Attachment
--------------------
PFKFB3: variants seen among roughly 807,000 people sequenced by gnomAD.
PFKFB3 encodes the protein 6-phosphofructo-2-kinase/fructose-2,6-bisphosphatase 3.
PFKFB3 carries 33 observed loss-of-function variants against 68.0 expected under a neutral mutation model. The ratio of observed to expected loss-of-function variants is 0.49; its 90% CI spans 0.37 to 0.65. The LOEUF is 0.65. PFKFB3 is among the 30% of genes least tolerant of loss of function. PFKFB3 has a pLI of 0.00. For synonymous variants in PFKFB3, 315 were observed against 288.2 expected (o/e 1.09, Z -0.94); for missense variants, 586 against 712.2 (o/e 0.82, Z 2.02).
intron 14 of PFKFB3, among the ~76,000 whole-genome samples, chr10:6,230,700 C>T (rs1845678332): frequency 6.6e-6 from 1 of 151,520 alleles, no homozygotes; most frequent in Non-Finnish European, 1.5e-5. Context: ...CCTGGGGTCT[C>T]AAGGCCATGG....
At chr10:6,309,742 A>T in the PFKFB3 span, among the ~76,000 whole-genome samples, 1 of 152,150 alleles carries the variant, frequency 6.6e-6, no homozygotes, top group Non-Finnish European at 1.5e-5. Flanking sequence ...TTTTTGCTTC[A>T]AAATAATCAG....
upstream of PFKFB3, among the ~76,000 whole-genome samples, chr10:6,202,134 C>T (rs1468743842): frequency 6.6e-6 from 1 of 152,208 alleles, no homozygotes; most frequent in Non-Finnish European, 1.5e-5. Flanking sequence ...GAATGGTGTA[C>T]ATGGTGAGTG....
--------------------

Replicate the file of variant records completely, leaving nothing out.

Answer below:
PFKFB3: variants seen among roughly 807,000 people sequenced by gnomAD.
PFKFB3 encodes the protein 6-phosphofructo-2-kinase/fructose-2,6-bisphosphatase 3.
PFKFB3 carries 33 observed loss-of-function variants against 68.0 expected under a neutral mutation model. The ratio of observed to expected loss-of-function variants is 0.49; its 90% CI spans 0.37 to 0.65. The LOEUF is 0.65. PFKFB3 is among the 30% of genes least tolerant of loss of function. PFKFB3 has a pLI of 0.00. For synonymous variants in PFKFB3, 315 were observed against 288.2 expected (o/e 1.09, Z -0.94); for missense variants, 586 against 712.2 (o/e 0.82, Z 2.02).
intron 14 of PFKFB3, among the ~76,000 whole-genome samples, chr10:6,230,700 C>T (rs1845678332): frequency 6.6e-6 from 1 of 151,520 alleles, no homozygotes; most frequent in Non-Finnish European, 1.5e-5. Context: ...CCTGGGGTCT[C>T]AAGGCCATGG....
At chr10:6,309,742 A>T in the PFKFB3 span, among the ~76,000 whole-genome samples, 1 of 152,150 alleles carries the variant, frequency 6.6e-6, no homozygotes, top group Non-Finnish European at 1.5e-5. Flanking sequence ...TTTTTGCTTC[A>T]AAATAATCAG....
upstream of PFKFB3, among the ~76,000 whole-genome samples, chr10:6,202,134 C>T (rs1468743842): frequency 6.6e-6 from 1 of 152,208 alleles, no homozygotes; most frequent in Non-Finnish European, 1.5e-5. Flanking sequence ...GAATGGTGTA[C>T]ATGGTGAGTG....